Yesterday, the California Senate and the Assembly passed an unprecedented budget. While Governor Gavin Newsom has yet to sign Assembly Bill 129: the Budget Act of 2021, this measure does represent a three-party agreement between the Senate, Assembly, and the Newsom Administration.
The total budget spending package is $262.6 billion, of which $196.4 million is from the General Fund. The state is using $11 billion to pay off all the Proposition 98 money owed to schools, which was borrowed to deal with last year’s budget crises. Over $25 billion is being saved in various reserve accounts to create safety buffers for unanticipated volatility and to put the state on solid fiscal footing.
“I wholeheartedly support this fiscally responsible and equity-oriented budget,” said Senator Steven Bradford. “This budget will empower Californians to recover from the scourge of the COVID-19 pandemic through direct assistance, equitable policy reforms, and new investments in our communities. If there were ever a time when we needed a robust and bold budget, it is now — and that is what we have delivered.”
The Budget Act of 2021 makes needed and helpful investments specifically into Senate District 35, including, but not limited to, the following:
- $60 million to California State University Dominguez Hills to address infrastructure needs;
- $50 million for Charles Drew University to construct a medicine and science building and to support more people of color going into the health profession;
- $10 million to Martin Luther King, Jr., Community Hospital to provide infrastructure and workforce support;
- $8.5 million for the Inglewood Market Street Streetscape Improvement Program and the Market Street Facade and Tenant Improvement Program;
- $1.2 million to the Boys & Girls Club of the Los Angeles Harbor for restoration of the Cheryl Green Center for children to play and learn;
- $3.5 million for the Los Angeles Black Worker Center to create the Workforce Equity Demonstration Project to assist more workers in obtaining government jobs; and,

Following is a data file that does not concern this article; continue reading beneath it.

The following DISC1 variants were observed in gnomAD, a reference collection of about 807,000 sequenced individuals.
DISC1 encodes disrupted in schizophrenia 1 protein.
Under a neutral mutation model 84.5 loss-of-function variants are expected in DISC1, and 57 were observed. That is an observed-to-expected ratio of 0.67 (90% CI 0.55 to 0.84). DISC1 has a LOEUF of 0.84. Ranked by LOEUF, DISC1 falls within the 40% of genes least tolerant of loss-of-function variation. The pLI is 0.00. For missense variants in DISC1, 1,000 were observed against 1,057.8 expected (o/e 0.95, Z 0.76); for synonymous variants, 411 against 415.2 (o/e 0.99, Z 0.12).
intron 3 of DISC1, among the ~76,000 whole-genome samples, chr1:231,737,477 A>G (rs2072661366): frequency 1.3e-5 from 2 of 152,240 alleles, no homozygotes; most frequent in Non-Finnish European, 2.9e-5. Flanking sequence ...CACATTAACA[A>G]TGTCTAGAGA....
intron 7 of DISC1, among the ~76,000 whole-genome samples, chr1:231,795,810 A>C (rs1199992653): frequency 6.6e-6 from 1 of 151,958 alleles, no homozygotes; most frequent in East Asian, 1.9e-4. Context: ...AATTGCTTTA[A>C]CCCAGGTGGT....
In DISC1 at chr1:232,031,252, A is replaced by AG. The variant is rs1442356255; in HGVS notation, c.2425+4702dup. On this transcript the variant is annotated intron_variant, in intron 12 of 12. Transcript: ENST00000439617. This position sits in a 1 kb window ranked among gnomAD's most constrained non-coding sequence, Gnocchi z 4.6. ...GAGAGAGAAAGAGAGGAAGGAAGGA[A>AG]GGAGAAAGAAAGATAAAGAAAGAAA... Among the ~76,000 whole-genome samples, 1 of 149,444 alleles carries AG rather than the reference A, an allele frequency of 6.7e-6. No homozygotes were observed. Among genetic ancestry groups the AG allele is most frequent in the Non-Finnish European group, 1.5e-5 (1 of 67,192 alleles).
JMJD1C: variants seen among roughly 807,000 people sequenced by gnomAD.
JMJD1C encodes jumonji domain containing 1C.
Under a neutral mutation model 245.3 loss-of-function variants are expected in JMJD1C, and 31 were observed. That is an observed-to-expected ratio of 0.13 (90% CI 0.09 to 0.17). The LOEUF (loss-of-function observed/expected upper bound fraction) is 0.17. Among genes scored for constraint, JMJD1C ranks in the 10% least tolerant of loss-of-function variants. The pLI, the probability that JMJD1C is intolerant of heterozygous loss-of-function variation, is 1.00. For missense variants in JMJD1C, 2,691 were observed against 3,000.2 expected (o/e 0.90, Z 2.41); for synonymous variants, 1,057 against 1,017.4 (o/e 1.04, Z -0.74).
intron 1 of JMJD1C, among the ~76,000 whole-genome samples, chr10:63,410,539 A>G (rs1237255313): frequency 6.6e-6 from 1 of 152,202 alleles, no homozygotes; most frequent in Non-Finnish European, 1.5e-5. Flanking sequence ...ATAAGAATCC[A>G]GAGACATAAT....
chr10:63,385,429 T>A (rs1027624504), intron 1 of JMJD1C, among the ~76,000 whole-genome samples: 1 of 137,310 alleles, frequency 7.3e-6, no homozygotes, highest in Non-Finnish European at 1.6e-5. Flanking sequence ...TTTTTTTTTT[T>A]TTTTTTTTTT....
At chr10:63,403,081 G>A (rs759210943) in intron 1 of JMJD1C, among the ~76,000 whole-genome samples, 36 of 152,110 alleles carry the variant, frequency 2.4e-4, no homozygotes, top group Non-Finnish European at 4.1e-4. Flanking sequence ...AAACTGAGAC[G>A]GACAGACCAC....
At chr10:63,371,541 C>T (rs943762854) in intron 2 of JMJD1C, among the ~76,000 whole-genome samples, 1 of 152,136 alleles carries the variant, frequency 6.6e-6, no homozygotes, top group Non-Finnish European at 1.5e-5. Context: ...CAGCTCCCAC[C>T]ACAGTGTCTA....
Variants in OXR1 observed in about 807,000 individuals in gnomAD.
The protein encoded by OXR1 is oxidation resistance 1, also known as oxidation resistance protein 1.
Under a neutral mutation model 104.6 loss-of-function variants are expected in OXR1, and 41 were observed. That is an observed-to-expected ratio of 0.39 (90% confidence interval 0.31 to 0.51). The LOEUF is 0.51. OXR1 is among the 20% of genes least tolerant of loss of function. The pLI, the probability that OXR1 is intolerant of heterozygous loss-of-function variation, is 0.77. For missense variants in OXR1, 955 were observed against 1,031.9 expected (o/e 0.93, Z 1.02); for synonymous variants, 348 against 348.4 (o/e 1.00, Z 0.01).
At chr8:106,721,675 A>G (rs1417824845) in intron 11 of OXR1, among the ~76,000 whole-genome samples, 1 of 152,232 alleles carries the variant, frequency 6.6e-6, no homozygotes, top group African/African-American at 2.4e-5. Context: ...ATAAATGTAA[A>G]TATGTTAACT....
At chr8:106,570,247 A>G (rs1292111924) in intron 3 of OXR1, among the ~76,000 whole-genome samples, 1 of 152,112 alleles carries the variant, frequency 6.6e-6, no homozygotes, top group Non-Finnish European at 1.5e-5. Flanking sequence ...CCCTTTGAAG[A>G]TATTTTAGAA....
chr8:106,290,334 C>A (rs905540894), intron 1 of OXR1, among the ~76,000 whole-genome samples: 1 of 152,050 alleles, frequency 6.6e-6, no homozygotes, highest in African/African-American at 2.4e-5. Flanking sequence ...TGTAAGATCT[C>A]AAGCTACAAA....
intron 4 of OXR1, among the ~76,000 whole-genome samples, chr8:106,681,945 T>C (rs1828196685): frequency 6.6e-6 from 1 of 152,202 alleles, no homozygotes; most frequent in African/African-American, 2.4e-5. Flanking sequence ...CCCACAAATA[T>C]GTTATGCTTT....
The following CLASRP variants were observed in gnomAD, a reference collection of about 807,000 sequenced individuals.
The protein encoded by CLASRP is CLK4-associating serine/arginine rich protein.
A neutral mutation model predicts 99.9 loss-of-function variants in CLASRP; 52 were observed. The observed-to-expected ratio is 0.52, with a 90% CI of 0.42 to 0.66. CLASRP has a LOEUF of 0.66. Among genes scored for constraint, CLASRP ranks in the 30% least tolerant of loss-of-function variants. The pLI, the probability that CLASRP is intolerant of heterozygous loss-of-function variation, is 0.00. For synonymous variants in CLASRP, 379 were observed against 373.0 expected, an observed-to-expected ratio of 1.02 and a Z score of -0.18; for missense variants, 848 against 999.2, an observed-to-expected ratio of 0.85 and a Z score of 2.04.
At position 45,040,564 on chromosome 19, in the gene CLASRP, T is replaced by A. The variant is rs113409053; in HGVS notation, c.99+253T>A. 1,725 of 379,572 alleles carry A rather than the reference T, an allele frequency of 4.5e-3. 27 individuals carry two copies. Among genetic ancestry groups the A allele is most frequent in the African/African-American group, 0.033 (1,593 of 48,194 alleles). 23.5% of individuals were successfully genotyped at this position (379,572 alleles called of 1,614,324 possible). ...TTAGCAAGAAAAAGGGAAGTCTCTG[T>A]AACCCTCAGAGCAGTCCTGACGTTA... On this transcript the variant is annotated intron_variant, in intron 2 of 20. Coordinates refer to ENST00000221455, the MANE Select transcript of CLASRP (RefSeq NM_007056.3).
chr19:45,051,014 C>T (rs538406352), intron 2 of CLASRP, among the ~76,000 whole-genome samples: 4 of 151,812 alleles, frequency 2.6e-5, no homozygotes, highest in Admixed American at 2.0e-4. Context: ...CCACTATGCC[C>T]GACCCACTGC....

- $1 million to the Mervyn M. Dymally African American Political & Economic Institute at California State University Dominguez Hills
Notable overall investments in The Budget Act of 2021-22 include, but are not limited to:
- Another modified round of the Golden State Stimulus, which will provide direct relief to Californians with income up to $75,000, with the amount of assistance varying from $500 to $1,100 depending on a family’s filing status;
- Extension of the eviction moratorium for non-payment of rent to September 30, 2021, and 100 percent rent COVID rent forgiveness;
- $1.5 billion in grants to small businesses and non-profits;
- $12 billion to prevent homelessness;
- An additional 120,000 child care slots in the fiscal year 2021-22, and increasing an additional 80,000 slots over the next four years;
- $3 billion one-time to launch a statewide Initiative to foster community schools in over 1000 campuses where students and their families’ health and services needs can be met with the overarching goal of supporting academic success;
- $1 billion ongoing and $753 million one-time to expand afterschool and summer school enrichment programs for low-income students;
- Expansion of Medi-Cal to adults age 50 and older regardless of immigration status;
- $151 million to eliminate criminal administrative fees that create a poverty and debt trap for the many who cannot afford to pay them; and,
- $30 million to help cannabis equity applicants and licensees pay for the cost of licensing fees.
“This budget has equity built into its core. For years, the state has allowed counties and courts to impose user fees in the criminal system to pay for the cost of operations — disproportionately at the expense of people of color. This government-created debt becomes a shackle that keeps our people down even after they do their time and pay their debt to society. This budget works with my SB 586 to solve this problem by eliminating criminal administrative fees,” said Senator Bradford. “This budget also allocates $30 million directly to cannabis equity applicants and licensees for fee waivers, helping them overcome a huge hurdle to the legal market and accomplishing my goal from this year in SB 603, as well as building on all my prior cannabis equity measures. I am grateful to President pro Tempore Toni G. Atkins (D-San Diego) and Senator Nancy Skinner (D-Berkeley), for their support of these righteous causes. I am also thankful to the many passionate community-based organizations who have banded together to undo the systemic racism that exists in state law and policy.”